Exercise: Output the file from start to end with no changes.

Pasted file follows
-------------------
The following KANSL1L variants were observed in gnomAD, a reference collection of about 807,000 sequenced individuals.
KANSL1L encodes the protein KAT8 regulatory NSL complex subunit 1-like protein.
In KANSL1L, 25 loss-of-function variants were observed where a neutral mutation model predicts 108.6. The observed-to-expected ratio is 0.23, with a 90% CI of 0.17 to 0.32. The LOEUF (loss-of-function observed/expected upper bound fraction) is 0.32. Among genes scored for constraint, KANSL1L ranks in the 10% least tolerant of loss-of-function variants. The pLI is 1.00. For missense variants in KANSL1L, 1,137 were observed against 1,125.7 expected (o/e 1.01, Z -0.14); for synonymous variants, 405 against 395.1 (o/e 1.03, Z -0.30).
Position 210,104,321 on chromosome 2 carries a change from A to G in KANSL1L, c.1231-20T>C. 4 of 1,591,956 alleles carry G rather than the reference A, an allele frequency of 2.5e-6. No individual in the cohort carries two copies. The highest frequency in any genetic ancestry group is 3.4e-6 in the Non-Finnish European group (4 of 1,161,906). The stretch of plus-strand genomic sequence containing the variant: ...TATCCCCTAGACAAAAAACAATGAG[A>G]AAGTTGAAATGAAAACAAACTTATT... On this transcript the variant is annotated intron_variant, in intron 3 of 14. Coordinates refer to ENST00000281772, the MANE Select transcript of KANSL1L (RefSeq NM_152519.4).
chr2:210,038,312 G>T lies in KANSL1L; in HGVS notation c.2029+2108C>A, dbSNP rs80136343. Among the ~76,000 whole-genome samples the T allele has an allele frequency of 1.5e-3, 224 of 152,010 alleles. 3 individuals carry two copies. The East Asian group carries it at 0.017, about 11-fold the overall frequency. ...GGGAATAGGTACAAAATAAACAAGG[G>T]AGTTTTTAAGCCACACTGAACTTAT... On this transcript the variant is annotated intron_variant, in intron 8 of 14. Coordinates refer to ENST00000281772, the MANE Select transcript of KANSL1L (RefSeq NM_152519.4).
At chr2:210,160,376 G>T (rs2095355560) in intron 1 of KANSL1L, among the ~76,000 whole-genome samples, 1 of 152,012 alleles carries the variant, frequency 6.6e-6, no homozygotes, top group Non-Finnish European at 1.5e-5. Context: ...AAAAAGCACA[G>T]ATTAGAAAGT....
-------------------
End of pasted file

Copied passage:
The following KANSL1L variants were observed in gnomAD, a reference collection of about 807,000 sequenced individuals.
KANSL1L encodes the protein KAT8 regulatory NSL complex subunit 1-like protein.
In KANSL1L, 25 loss-of-function variants were observed where a neutral mutation model predicts 108.6. The observed-to-expected ratio is 0.23, with a 90% CI of 0.17 to 0.32. The LOEUF (loss-of-function observed/expected upper bound fraction) is 0.32. Among genes scored for constraint, KANSL1L ranks in the 10% least tolerant of loss-of-function variants. The pLI is 1.00. For missense variants in KANSL1L, 1,137 were observed against 1,125.7 expected (o/e 1.01, Z -0.14); for synonymous variants, 405 against 395.1 (o/e 1.03, Z -0.30).
Position 210,104,321 on chromosome 2 carries a change from A to G in KANSL1L, c.1231-20T>C. 4 of 1,591,956 alleles carry G rather than the reference A, an allele frequency of 2.5e-6. No individual in the cohort carries two copies. The highest frequency in any genetic ancestry group is 3.4e-6 in the Non-Finnish European group (4 of 1,161,906). The stretch of plus-strand genomic sequence containing the variant: ...TATCCCCTAGACAAAAAACAATGAG[A>G]AAGTTGAAATGAAAACAAACTTATT... On this transcript the variant is annotated intron_variant, in intron 3 of 14. Coordinates refer to ENST00000281772, the MANE Select transcript of KANSL1L (RefSeq NM_152519.4).
chr2:210,038,312 G>T lies in KANSL1L; in HGVS notation c.2029+2108C>A, dbSNP rs80136343. Among the ~76,000 whole-genome samples the T allele has an allele frequency of 1.5e-3, 224 of 152,010 alleles. 3 individuals carry two copies. The East Asian group carries it at 0.017, about 11-fold the overall frequency. ...GGGAATAGGTACAAAATAAACAAGG[G>T]AGTTTTTAAGCCACACTGAACTTAT... On this transcript the variant is annotated intron_variant, in intron 8 of 14. Coordinates refer to ENST00000281772, the MANE Select transcript of KANSL1L (RefSeq NM_152519.4).
At chr2:210,160,376 G>T (rs2095355560) in intron 1 of KANSL1L, among the ~76,000 whole-genome samples, 1 of 152,012 alleles carries the variant, frequency 6.6e-6, no homozygotes, top group Non-Finnish European at 1.5e-5. Context: ...AAAAAGCACA[G>T]ATTAGAAAGT....